flyingcheesehead likes this.
  37. eman1200

    eman1200 Touchdown! Greaser! PoA Supporter

    Joined:
    Mar 10, 2013
    Messages:
    10,603
    Display Name:

    Display name:
    eman1200
    that looked more like 'rough field' than 'short field'.
     
  38. flyingcheesehead

    flyingcheesehead Touchdown! Greaser!

    Joined:
    Feb 23, 2005
    Messages:
    20,958
    Location:
    UQACY, WI
    Display Name:

    Display name:
    iMooniac
    Well, nobody was arguing about techniques used in the air. ;)

    Tell the people who retract flaps after landing that they're wrong. ;)

    Interesting. Nobody said they raised flaps before touchdown, but my technique is to pop the speed brakes at the end of the round-out, basically 1' AGL, because that sets the wheels right on the ground immediately. I think that the sooner you can get the wheels on the ground, the better, and once the nosewheel is down you can start to brake. Once you do that, there's some pitch-down moment so you can then pull the yoke fully aft which gives you some aerodynamic braking (not a ton due to the speed) and helps put more downward force ("weight") on the wheels to help increase friction.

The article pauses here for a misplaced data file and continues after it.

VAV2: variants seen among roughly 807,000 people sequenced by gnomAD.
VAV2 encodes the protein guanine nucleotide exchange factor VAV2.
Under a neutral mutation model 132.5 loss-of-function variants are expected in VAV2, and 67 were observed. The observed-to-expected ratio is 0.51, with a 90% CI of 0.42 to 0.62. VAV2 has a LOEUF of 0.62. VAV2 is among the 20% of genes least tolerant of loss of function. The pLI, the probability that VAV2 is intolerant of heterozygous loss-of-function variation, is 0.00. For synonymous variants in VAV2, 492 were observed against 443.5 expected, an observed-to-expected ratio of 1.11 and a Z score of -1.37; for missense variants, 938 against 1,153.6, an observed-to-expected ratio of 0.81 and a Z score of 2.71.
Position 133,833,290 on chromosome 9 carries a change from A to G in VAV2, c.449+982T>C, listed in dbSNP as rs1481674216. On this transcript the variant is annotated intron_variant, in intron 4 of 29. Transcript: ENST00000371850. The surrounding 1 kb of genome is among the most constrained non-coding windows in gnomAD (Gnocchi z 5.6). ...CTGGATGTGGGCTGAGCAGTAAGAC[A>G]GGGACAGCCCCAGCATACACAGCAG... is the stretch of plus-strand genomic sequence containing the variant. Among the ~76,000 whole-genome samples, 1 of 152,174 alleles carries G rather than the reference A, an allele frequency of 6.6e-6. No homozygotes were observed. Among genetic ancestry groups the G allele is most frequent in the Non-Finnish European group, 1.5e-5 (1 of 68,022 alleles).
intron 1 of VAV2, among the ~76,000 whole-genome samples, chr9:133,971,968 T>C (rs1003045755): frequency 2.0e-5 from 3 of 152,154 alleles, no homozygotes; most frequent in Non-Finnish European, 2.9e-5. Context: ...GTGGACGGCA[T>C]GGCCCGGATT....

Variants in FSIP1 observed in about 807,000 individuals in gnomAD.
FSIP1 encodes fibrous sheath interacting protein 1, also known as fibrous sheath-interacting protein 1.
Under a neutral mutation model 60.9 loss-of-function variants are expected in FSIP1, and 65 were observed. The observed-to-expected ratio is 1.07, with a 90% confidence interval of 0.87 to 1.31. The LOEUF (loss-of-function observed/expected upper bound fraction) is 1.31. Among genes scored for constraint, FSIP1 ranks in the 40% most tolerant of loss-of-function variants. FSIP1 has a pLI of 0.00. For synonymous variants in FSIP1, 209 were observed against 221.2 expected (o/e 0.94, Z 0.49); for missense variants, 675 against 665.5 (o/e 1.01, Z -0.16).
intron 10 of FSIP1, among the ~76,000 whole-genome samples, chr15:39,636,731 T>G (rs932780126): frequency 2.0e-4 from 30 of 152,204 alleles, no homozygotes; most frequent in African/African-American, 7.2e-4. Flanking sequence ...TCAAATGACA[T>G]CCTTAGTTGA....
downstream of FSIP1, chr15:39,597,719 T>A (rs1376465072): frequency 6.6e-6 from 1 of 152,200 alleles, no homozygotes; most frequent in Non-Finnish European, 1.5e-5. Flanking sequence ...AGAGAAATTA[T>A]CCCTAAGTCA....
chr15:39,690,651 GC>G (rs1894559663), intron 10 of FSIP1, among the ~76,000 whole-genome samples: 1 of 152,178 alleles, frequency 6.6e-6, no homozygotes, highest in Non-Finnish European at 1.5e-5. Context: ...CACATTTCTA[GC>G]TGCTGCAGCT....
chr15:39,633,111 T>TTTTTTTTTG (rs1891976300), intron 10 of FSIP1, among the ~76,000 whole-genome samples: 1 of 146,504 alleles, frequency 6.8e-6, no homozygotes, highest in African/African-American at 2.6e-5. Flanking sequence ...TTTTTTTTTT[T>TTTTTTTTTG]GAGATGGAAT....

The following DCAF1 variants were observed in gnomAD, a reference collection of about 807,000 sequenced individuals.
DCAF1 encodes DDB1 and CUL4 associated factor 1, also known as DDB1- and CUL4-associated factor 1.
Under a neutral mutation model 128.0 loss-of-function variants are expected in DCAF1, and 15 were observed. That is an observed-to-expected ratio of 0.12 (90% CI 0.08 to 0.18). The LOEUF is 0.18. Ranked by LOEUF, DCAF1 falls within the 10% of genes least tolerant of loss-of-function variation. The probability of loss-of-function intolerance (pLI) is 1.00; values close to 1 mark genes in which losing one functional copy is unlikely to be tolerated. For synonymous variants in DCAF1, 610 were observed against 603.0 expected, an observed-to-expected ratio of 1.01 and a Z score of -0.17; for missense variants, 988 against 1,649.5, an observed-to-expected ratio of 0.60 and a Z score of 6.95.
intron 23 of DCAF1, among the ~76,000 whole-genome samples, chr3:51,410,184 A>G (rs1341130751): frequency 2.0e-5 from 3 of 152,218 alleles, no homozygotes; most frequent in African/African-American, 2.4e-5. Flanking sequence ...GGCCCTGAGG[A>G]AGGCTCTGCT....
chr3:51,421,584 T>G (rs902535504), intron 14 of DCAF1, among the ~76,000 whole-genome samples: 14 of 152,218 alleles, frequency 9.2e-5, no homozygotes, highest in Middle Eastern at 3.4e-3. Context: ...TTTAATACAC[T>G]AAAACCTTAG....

Sounds plausible... But I'm going to try to have everything perfectly stabilized to minimize differences in approach speed causing erroneous results.

    To ensure that the approaches are all consistent, I'm going to use the visual approach feature on the GTN coupled with my autopilot and a consistent power setting to get the approaches as identical as I can. It should take just about a 3 mile final to get down from pattern altitude that way, and that will give me plenty of time to get things stabilized.

    I think their main advantage is getting weight on wheels as soon as possible, but they also help to blank out part of the wing so that there's more weight on the wheels than there would be otherwise. But, testing out the magnitude of these effects is part of the reason for doing all this. :)

    Wilco!